As one can see in this small example of the Caddy Liner and Instruction Project, one can recognise the big contribution that designer make towards tackling problems and issues of society. As the designed process and outcome is realised, we also begin to understand the effectiveness of their design thinking and systems methodology in regards to creating and managing complex and situations which do not stay stagnant, especially in an ever-changing world.



Ulrich W. 2000, Reflective Practice in the Civil Society: The contribution of critically systemic thinking, Reflective Practice, 1:2, 247-268, DOI: 10.1080/713693151

Sustainability Illustrated 2014, ‘Systems thinking: a cautionary tale […], Youtube video, May 6 2014, viewed 26 April 2017 <>

Checkland P. 2007. ‘Learning For Action: A Short Definitive Account of Soft Systems Methodology, and its use for Practitioners, Teachers and Students. 1 Edition. Wiley, Hoboken NJ


Post A: Food Waste Audit

Conducting a Food Waste Audit for a family explores
i.) both an open and closed system
because it is dependent on the commitments and activities of the individuals within the household, as well as their personal choices particularly in food and waste consumption. Furthermore, within this small case study,
ii.) we encounter dynamic movements in the life cycle of the food,
allowing us to further understand the complexity involved in the process of the food waste and consumption.

In this post, we will explore a very typical Saturday morning for food waste consumption in my family. Having first attempted to conduct a food consumption audit at a book lunch at university (*see picture at end of blog); this audit continues and focuses towards the routine that each individual member of the family usually undertakes on this day. This also means that  the ‘One-day Saturday Audit’ will provide similar results for the general Saturdays (although the types of food consumed will be very different), of the family.

Audit: A survey of each family member’s food intake during their own personal activities on Saturday

From the diagram, we notice the complexity of food consumption within the household. Although it is likely that as a family, individuals would likely consume the same types of meals (and thus we can simply audit in terms of the quantity consumed); with the different commitments and habits of the individual, there can actually be quite variations in choices (as seen in the diagram for example, both parents consuming lunch at home, but it was a ‘takeaway’ and then Child #1 decided to have ‘Brunch’ instead of having breakfast or lunch).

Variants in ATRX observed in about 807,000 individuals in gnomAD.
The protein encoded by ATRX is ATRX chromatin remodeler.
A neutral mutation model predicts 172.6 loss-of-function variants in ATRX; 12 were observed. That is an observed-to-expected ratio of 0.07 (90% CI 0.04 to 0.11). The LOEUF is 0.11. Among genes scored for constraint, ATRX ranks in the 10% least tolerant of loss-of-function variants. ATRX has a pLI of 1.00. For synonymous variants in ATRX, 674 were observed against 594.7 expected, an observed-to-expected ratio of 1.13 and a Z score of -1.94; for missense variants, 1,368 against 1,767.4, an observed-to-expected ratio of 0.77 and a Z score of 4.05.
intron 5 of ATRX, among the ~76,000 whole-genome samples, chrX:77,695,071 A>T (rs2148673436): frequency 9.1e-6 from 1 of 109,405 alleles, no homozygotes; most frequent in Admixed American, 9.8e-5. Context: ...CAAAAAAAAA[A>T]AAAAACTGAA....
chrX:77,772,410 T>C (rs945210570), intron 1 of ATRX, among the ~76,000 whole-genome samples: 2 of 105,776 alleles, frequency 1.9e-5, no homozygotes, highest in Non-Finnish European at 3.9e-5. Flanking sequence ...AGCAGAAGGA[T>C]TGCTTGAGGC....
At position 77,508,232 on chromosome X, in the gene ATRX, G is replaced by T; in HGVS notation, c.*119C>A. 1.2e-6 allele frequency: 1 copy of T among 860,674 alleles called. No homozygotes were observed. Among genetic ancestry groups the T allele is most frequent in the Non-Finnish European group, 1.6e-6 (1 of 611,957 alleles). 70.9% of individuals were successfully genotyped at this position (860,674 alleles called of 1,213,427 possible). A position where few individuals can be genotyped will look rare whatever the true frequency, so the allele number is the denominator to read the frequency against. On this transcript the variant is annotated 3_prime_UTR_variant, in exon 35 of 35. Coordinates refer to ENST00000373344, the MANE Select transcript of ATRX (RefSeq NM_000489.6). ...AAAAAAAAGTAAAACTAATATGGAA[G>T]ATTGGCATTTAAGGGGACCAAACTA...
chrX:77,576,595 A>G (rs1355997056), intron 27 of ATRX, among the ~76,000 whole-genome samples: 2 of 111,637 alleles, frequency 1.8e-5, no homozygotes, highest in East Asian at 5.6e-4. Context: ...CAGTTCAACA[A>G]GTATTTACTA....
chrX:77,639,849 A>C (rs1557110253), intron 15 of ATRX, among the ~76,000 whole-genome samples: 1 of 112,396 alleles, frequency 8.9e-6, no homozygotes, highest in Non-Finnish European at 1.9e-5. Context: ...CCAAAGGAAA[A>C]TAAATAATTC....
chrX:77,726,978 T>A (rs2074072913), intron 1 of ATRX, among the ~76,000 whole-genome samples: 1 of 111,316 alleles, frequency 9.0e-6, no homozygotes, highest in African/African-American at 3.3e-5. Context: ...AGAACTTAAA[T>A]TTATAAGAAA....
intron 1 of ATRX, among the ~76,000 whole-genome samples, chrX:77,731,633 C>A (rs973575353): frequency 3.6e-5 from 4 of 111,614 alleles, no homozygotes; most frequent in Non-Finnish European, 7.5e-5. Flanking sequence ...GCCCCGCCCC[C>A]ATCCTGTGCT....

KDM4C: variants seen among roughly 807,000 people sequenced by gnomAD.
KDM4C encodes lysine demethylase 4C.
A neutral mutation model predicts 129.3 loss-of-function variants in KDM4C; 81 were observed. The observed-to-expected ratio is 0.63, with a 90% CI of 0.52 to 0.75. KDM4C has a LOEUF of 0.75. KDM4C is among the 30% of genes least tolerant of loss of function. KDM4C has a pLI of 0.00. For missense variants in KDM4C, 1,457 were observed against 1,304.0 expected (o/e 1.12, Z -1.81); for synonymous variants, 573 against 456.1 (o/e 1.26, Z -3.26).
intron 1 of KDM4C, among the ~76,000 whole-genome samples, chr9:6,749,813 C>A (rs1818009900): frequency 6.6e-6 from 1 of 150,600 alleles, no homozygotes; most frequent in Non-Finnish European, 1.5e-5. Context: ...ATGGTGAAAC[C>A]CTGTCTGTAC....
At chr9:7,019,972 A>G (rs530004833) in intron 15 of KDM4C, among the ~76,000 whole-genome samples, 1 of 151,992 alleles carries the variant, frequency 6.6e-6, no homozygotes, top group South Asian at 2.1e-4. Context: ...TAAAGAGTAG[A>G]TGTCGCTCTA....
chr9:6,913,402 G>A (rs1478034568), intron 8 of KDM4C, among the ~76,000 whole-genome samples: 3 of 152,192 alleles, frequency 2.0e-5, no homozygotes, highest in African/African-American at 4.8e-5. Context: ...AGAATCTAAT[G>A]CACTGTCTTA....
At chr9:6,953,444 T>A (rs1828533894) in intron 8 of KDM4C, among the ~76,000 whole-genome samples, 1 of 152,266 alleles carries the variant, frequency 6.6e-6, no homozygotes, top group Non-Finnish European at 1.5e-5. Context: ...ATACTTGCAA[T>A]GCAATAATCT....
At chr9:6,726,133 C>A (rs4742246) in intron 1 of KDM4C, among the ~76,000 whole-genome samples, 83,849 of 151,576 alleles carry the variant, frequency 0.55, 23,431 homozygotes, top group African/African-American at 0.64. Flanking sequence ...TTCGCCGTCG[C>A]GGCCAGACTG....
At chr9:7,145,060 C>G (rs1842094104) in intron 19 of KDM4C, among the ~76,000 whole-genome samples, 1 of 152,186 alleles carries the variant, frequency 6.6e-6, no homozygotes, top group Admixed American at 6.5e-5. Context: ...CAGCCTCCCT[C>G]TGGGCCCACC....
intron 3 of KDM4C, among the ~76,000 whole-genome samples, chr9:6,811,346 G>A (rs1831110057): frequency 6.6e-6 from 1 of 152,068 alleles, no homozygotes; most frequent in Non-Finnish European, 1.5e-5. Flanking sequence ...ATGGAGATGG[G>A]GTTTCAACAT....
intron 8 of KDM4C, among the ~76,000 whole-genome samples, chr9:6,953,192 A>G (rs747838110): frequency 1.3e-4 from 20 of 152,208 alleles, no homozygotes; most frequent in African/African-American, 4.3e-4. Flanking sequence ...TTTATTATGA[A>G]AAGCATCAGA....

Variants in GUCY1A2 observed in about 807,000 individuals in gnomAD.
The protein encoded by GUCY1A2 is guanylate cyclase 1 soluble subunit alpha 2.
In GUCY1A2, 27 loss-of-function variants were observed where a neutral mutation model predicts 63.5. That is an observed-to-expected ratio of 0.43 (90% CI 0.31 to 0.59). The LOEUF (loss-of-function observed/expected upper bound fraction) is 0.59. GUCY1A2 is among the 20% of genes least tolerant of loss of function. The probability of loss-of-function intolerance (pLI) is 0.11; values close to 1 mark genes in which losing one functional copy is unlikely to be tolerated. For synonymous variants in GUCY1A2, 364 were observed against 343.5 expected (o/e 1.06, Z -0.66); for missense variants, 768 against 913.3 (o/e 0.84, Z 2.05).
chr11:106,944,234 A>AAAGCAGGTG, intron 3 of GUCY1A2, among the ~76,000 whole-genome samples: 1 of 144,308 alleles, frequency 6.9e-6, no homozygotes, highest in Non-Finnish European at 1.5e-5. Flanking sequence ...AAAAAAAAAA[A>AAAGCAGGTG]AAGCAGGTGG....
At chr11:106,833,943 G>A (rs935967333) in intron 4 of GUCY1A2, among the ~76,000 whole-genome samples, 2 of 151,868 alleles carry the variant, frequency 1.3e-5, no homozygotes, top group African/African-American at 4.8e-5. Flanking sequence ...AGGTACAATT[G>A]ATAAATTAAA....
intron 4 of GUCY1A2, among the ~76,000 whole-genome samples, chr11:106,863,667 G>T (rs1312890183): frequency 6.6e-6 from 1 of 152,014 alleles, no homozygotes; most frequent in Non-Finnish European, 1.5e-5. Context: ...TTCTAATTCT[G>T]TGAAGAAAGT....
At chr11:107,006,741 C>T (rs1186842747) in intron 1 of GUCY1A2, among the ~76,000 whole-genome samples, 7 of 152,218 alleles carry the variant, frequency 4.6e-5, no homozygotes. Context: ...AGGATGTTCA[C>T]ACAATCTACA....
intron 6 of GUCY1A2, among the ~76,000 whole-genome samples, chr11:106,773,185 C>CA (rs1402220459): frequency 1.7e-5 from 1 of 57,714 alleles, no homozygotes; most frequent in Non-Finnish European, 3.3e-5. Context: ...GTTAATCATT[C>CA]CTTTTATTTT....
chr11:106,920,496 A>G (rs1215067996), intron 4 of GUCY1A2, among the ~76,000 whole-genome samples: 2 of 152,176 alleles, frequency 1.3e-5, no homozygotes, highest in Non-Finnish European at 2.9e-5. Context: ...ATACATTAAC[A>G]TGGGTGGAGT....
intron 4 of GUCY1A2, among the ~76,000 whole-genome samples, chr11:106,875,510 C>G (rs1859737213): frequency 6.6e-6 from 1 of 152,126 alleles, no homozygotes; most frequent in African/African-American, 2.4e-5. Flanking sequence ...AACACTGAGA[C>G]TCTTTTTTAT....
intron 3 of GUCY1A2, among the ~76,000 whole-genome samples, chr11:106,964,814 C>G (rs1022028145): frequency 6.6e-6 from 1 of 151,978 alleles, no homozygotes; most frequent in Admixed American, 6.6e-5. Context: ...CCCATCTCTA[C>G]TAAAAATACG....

The home is subjected to Penrith City Council that makes use of the Organic Bin System (or ‘Green Bin’) in which the encourage the system designed “so that organic waste is recycled into high-grade compost, recyclables are remade into new products and the small amount of waste leftover is buried in landfill” (Penrith City Council Bin Services). Thus, to continue the story of food consumption, a further audit was initiated, from the ‘food diary’ of each individual (via survey of each person), to an actual closer inspection of the wastes inside the Green Bin for that Saturday. With this, we can focus on the food process at a more specific direction.

Audit of Saturday food waste found inside the ‘Organic Waste Caddie’ at home, which is to be emptied in the Green Bin daily.

The results are as shown above to which we notice that most of the scraps are from the Family Dinner since every single member of the family was at home to have a sit-down meal together. However, there is a scarce evidence of food scraps from other meals throughout the day, even if they were not homemade.

This further leads to the realisation of the different lifecycles present inside the Organics Bin. This then allows to discover a complex flow of the food wastes, which converge towards a singular direction in the Organic Bin; but then as the Bin is collected and moves towards the recycling sites, the wastes are then segregated into different systems; thus splitting the life cycle and again, diverging them into different processes and systems- a great example of the dynamics and complexity of the food waste process.

Sketch Diagram of dynamic movements in the lifecycle of food waste conducted in the audit
Coffs Coast Waste Services
Coffs Coast Waste Services in NSW that also implements the Organics Bin System which is a structure that is similar to all other Councils that implement this System (Frequently Asked Questions and Answers, Coffs Coast Waste Services)


UTS Book Launch Audit
* UTS Book Launch – Initial attempt at Food Audit
* UTS Book Launch – Initial attempt at Food Audit



Coffs Coast Waste Services, Frequently Asked Questions and Answers. Online PDF, Coffs Harbour City Council, Coffs Harbour, viewed 2 April 2017 <;

Penrith City Council, Bin Services. Penrith City, viewed 31 March 2017, <;